|Publication number||US7632070 B2|
|Application number||US 11/146,908|
|Publication date||Dec 15, 2009|
|Filing date||Jun 7, 2005|
|Priority date||Jun 4, 2002|
|Also published as||CA2494119A1, CA2494119C, EP1534952A1, EP1534952A4, EP1534952B1, US6902370, US20030223868, US20050285406, WO2003102414A1|
|Publication number||11146908, 146908, US 7632070 B2, US 7632070B2, US-B2-7632070, US7632070 B2, US7632070B2|
|Inventors||Mark H. Dawson, Jack A. Wallace|
|Original Assignee||Dawson Mark H, Wallace Jack A|
|Export Citation||BiBTeX, EndNote, RefMan|
|Patent Citations (32), Non-Patent Citations (8), Referenced by (13), Classifications (12), Legal Events (3)|
|External Links: USPTO, USPTO Assignment, Espacenet|
This invention relates to blades for wind turbines. Specifically, the invention relates to a telescoping blade where the length of the blade is variable.
Wind turbines create power proportional to the swept area of their blades. Increasing the length of a wind turbine's blades increases the swept area, which produces more power. A wind turbine's generator, gears, bearings and support structure must be designed around the expected wind load and power production. At low wind speeds very long blades are desirable to get as much power as possible out of the available wind. At high wind speeds a wind turbine must control the power production and the mechanical loads developed. Eventually, the wind becomes high enough that the turbine must shut down to avoid damaging components, so short blades are desirable to keep the turbine producing power in high winds.
The choice of a rotor diameter for a wind turbine is a design trade-off between energy production in low winds and load limitation in high winds. Wind turbine manufacturers often sell a variety of rotor sizes for a given wind turbine model. These rotor sizes are optimized for sites that have a low, medium, or high annual average wind speed. However, the rotor size selected is always a compromise and there are conditions in which the turbine does not perform optimally because the rotor is too big or too small.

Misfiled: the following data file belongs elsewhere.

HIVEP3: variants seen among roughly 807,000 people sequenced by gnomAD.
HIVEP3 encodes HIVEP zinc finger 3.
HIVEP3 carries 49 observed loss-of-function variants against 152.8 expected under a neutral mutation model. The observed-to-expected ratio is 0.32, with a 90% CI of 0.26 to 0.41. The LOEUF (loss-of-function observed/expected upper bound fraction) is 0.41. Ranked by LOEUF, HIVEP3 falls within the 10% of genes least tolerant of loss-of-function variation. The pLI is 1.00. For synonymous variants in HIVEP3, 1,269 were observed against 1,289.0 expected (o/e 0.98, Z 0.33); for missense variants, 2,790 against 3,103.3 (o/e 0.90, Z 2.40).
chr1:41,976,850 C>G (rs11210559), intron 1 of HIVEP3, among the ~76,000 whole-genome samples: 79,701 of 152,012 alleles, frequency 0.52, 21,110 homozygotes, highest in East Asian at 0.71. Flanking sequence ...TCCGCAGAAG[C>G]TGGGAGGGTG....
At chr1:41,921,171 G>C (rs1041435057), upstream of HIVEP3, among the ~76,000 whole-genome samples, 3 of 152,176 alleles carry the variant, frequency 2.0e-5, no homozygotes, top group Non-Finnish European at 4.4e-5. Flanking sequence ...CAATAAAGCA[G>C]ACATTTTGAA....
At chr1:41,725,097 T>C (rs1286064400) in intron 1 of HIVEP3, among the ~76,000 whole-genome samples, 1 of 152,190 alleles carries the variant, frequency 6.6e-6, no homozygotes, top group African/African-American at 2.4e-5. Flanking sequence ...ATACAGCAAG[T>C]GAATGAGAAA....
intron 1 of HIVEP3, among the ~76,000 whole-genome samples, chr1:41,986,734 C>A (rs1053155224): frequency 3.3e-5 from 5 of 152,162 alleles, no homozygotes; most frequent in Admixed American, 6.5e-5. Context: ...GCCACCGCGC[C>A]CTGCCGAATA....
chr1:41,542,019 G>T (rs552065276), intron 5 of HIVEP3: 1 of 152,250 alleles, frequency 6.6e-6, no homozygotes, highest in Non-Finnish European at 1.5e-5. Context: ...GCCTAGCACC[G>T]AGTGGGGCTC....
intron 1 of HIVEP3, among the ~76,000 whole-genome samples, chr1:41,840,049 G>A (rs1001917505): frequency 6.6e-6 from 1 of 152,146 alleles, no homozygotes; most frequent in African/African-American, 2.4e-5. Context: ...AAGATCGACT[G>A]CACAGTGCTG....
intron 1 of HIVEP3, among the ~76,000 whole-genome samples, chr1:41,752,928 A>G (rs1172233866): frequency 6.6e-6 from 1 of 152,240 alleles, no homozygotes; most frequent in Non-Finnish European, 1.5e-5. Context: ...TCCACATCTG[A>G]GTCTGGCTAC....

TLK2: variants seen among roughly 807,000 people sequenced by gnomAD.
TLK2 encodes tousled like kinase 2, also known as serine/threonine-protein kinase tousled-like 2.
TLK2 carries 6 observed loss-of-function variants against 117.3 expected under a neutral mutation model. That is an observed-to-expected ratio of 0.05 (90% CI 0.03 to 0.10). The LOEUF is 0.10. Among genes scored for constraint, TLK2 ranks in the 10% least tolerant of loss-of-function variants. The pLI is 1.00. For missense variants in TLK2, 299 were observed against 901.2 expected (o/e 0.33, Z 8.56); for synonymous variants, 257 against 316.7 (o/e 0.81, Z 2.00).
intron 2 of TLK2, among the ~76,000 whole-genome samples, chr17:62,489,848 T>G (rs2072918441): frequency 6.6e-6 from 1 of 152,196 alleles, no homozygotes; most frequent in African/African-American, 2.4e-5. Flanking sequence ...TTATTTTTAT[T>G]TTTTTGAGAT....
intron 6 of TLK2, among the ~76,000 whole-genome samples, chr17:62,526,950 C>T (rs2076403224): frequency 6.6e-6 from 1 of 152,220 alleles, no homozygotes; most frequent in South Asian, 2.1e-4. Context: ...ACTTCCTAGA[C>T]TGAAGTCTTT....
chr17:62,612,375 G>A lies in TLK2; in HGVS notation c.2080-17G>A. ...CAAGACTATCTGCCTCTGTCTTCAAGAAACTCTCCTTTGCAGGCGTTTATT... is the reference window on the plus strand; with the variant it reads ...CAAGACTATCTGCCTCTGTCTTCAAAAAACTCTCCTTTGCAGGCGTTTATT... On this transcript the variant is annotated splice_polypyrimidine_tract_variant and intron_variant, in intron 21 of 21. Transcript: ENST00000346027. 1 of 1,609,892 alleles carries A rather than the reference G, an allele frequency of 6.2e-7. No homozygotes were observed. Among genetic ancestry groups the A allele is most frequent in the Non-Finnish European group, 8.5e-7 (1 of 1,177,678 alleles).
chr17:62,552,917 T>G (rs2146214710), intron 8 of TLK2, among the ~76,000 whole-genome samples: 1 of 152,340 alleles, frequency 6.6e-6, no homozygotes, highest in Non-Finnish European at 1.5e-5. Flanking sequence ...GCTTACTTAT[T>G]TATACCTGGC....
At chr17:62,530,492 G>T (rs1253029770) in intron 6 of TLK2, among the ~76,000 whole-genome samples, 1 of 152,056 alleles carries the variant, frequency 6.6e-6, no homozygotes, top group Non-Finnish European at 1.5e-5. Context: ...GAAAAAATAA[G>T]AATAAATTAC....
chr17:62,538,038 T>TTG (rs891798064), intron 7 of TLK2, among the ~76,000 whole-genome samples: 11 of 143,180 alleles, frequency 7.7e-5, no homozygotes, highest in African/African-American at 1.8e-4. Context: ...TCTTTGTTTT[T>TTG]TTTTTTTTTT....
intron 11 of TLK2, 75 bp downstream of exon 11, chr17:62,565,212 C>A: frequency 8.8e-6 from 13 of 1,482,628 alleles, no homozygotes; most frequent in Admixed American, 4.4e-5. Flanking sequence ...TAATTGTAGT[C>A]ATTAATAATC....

It would be desirable to provide a wind turbine with a large rotor that can produce a large amount of power in low wind conditions and a small rotor for limiting power and mechanical loads during high wind conditions. Such a turbine would preferably have a variable diameter rotor that can be adjusted to the current wind conditions.
Many variable diameter rotors have been designed for aircraft. One of the first is shown in U.S. Pat. No. 1,077,187 incorporated herein by reference. Many other variable diameter rotors, and improvements on them, have been patented since. Some of those patents, which are incorporated herein by reference are U.S. Pat. Nos. 3,768,923, 5,299,912, 5,636,969, 5,642,982, and 5,655,879. These rotor designs are all for use on aircraft of various sorts and they lack any teaching to utilize such a rotor on a wind turbine.
In the past when a turbine has been installed in a lower wind speed site than it was originally designed for, blades have been lengthened by adding hub extenders, which space blades out radially from their original mounting. Hub extenders accomplish the goal of increasing the swept area, but present the following disadvantages: